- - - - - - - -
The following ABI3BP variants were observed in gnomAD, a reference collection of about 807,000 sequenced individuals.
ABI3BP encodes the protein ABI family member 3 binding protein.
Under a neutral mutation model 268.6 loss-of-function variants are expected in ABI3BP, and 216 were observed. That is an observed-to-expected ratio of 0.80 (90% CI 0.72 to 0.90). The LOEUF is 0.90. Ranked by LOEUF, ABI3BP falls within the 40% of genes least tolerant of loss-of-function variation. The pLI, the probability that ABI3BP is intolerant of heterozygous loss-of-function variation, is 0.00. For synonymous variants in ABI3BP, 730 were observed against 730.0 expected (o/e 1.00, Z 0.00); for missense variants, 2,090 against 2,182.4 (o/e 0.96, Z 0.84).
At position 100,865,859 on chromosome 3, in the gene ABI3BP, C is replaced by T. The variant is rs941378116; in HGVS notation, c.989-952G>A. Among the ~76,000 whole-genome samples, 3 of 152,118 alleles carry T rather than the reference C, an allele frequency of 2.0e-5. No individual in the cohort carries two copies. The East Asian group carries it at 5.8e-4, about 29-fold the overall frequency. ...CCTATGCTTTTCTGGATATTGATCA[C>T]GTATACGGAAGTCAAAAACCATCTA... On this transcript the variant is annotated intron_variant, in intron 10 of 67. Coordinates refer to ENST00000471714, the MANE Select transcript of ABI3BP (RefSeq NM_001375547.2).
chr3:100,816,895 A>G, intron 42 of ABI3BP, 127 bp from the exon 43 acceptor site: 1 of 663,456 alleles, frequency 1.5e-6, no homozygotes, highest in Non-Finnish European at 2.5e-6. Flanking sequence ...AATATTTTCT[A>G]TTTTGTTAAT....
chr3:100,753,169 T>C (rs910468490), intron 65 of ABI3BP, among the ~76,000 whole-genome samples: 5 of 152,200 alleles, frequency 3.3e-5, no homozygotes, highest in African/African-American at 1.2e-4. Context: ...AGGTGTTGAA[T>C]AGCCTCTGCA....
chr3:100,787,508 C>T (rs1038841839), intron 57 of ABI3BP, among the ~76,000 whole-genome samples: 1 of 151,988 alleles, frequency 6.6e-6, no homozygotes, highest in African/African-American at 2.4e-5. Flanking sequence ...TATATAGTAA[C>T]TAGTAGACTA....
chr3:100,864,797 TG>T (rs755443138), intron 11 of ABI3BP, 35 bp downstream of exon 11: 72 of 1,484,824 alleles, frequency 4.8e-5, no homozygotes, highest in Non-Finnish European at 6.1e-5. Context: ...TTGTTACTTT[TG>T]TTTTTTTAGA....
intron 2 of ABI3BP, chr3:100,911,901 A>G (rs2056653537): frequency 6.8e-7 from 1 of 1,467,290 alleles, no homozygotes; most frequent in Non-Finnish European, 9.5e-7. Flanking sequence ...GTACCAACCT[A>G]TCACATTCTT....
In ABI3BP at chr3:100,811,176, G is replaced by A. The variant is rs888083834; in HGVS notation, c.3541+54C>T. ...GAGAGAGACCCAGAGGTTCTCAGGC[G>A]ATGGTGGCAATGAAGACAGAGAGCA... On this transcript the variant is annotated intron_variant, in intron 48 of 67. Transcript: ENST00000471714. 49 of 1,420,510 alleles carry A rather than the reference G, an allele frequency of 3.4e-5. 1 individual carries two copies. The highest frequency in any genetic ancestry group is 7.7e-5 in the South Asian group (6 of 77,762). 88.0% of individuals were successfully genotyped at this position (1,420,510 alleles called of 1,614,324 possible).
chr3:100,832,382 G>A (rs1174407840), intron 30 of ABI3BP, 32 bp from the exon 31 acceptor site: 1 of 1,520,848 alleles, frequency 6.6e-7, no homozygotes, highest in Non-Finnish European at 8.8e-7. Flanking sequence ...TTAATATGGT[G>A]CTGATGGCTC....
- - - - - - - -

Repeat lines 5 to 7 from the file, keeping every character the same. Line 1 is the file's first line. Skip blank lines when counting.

chr3:100,816,895 A>G, intron 42 of ABI3BP, 127 bp from the exon 43 acceptor site: 1 of 663,456 alleles, frequency 1.5e-6, no homozygotes, highest in Non-Finnish European at 2.5e-6. Flanking sequence ...AATATTTTCT[A>G]TTTTGTTAAT....
chr3:100,753,169 T>C (rs910468490), intron 65 of ABI3BP, among the ~76,000 whole-genome samples: 5 of 152,200 alleles, frequency 3.3e-5, no homozygotes, highest in African/African-American at 1.2e-4. Context: ...AGGTGTTGAA[T>C]AGCCTCTGCA....
chr3:100,787,508 C>T (rs1038841839), intron 57 of ABI3BP, among the ~76,000 whole-genome samples: 1 of 151,988 alleles, frequency 6.6e-6, no homozygotes, highest in African/African-American at 2.4e-5. Flanking sequence ...TATATAGTAA[C>T]TAGTAGACTA....